Concepts of pedagogy that circulate within various educational contexts refer to the abstract and theoretical discourse about ways in which learners and students are introduced into fields of knowledge and established ways of knowing. But when pedagogical theory refers to the actual social apparatus that drives the production and reproduction of knowledge it is referring to the everyday activity of teaching. Teaching can be relatively un-self-reflexive and instrumental, or it can be self-reflexively aware of its own modes and processes (praxis) and grounded in an awareness of its social settings and learners’ experience. This article explores how pedagogy and teaching are bound up with the complex, disciplinary relation between literary knowledge and literary theory. Specific accounts of classroom interactions, from a range of national settings, are adduced to indicate the complexity of the relationship between theory, literary knowledge, and classroom praxis and the ways in which literary meaning making is mediated by the social relationships that comprise classroom settings. The article draws on research with which we have been engaged that interrogates the role that literary knowledge might play within the professional practice of early career English teachers as they negotiate the curriculum in school settings. The article also raises the question of how literary knowing outside of formal education systems and institutions can enter into what Gayatri Spivak calls the “teaching machine.” How do pedagogy and teaching account for and incorporate the myriad ways in which we learn about literature in broad social and experiential contexts?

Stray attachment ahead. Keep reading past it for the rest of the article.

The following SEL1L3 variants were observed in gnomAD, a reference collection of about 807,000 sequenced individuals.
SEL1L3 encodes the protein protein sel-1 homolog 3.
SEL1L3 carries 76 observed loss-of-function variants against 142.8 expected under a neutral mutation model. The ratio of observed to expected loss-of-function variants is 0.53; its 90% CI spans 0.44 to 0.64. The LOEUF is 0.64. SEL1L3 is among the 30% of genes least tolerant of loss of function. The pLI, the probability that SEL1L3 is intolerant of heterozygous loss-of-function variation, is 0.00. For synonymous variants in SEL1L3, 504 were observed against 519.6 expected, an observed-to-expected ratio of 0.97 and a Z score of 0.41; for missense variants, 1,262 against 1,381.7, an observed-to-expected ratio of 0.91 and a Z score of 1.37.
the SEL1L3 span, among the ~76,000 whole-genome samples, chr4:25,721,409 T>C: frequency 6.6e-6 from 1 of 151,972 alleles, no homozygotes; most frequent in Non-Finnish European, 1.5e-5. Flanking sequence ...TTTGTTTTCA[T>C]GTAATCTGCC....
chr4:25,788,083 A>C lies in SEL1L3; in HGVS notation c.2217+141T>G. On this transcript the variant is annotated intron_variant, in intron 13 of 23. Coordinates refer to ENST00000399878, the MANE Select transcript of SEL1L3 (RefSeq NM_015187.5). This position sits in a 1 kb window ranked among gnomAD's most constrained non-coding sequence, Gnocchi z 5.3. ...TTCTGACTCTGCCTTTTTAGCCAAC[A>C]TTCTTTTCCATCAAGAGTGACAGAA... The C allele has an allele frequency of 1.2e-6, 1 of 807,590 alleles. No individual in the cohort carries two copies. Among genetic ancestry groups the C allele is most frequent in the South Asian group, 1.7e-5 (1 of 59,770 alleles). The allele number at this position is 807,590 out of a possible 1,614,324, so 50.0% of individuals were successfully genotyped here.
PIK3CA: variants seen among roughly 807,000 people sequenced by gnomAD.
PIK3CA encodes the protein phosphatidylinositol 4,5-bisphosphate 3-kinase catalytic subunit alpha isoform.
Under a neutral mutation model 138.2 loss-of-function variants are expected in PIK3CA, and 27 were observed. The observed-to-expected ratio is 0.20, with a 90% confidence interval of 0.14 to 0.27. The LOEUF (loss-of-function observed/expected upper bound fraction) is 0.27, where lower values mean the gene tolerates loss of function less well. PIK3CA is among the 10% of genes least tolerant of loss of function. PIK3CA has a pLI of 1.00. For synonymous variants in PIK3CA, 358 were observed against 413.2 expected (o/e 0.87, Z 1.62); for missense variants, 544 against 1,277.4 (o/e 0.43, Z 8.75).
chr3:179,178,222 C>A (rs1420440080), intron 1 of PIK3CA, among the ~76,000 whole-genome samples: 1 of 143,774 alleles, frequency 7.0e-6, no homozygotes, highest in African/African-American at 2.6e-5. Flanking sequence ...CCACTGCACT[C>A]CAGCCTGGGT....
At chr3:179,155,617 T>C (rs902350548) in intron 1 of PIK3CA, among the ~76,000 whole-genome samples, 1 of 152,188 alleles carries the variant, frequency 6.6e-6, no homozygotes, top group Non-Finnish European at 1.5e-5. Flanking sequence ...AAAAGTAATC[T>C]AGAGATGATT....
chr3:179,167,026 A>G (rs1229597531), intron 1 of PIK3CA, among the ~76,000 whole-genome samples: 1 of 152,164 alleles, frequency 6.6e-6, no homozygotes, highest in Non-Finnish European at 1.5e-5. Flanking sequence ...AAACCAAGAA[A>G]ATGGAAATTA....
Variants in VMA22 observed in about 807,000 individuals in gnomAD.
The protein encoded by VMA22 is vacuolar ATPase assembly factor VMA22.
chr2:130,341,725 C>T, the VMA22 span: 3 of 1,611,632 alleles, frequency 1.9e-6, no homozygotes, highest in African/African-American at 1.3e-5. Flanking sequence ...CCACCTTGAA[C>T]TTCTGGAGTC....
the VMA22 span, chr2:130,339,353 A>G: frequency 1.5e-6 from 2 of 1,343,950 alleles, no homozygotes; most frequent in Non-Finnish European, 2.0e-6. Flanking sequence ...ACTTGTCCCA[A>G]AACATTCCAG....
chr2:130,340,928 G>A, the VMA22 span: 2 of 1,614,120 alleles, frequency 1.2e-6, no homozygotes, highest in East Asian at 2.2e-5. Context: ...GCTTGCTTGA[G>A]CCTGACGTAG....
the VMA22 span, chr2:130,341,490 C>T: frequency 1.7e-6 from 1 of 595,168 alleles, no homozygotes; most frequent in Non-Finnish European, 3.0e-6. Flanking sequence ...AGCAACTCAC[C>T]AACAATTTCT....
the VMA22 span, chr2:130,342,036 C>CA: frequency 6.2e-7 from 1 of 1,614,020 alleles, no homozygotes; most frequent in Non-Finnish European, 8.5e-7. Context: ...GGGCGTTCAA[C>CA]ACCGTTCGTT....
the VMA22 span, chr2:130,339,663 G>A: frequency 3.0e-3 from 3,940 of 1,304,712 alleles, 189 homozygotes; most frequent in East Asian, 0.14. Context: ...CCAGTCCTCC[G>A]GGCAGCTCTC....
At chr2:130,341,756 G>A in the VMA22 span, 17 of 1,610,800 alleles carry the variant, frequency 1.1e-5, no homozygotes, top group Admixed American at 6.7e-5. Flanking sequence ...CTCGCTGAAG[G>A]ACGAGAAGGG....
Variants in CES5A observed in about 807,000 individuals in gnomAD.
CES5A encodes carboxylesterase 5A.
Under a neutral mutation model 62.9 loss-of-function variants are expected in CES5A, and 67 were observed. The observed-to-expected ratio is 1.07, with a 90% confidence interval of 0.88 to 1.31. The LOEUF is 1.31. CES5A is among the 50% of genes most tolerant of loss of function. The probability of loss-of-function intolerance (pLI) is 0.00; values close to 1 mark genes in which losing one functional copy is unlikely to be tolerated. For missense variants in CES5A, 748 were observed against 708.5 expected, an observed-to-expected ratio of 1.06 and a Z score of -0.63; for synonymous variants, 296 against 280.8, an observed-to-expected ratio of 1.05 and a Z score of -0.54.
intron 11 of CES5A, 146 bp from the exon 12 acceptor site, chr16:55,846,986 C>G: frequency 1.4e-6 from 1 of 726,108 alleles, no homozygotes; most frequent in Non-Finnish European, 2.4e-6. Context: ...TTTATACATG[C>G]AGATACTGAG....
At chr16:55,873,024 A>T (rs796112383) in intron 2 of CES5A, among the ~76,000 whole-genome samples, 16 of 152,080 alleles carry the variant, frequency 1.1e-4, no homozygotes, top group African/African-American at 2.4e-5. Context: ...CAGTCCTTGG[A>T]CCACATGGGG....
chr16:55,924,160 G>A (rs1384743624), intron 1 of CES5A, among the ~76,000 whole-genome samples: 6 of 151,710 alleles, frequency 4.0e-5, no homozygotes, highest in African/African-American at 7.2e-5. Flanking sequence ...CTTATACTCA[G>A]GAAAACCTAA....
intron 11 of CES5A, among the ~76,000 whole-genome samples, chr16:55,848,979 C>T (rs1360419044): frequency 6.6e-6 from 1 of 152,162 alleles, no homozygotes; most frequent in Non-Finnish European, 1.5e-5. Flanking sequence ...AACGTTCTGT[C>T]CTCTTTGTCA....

Scholarship surrounding literature from Hawai‘i has often been beset by battles over representation. In particular, controversies over how outsiders depict Hawaiian life and culture have been raised with texts such as James Michener’s 1959 bestseller Hawaii, and arguments about local and settler literary authority emerged as part of academic literary criticism back in the 1990s. Current scholarship on literature from Hawai‘i emphasizes ethnic and racial conflict, and in so doing tends to obscure other kinds of significant differences—between urban and rural, academic and non-academic, large- and small-scale production—that exist in literary practices in Hawai‘i. In contrast, there is a plentiful, heterogenous, and multifaceted body of writing that has been and continues to be produced on the Island of Hawai‘i (the Big Island). These literary practices include publishing houses that promote literature in multiple languages including English and Native Hawaiian, groups that actively seek to preserve Big Island culture and history (such as the memory of plantation life), and collaborative community and student efforts. Newer forms of expression such as bilingual manga, documentary film, musical theater, and Native Hawaiian and English rap music have added to long-standing traditions of storytelling, theater and performance, and life writing. Detailing these many voices and different kinds of writing and working directly with writers allows for a much more nuanced understanding of what “literature from Hawai‘i” encompasses and how it should be read. This interpretive model reconnects a large present-day and historical body of work to a specific place (as opposed to a vague notion of the islands) and to the Big Island communities who serve as the primary audiences and critical readers of this work.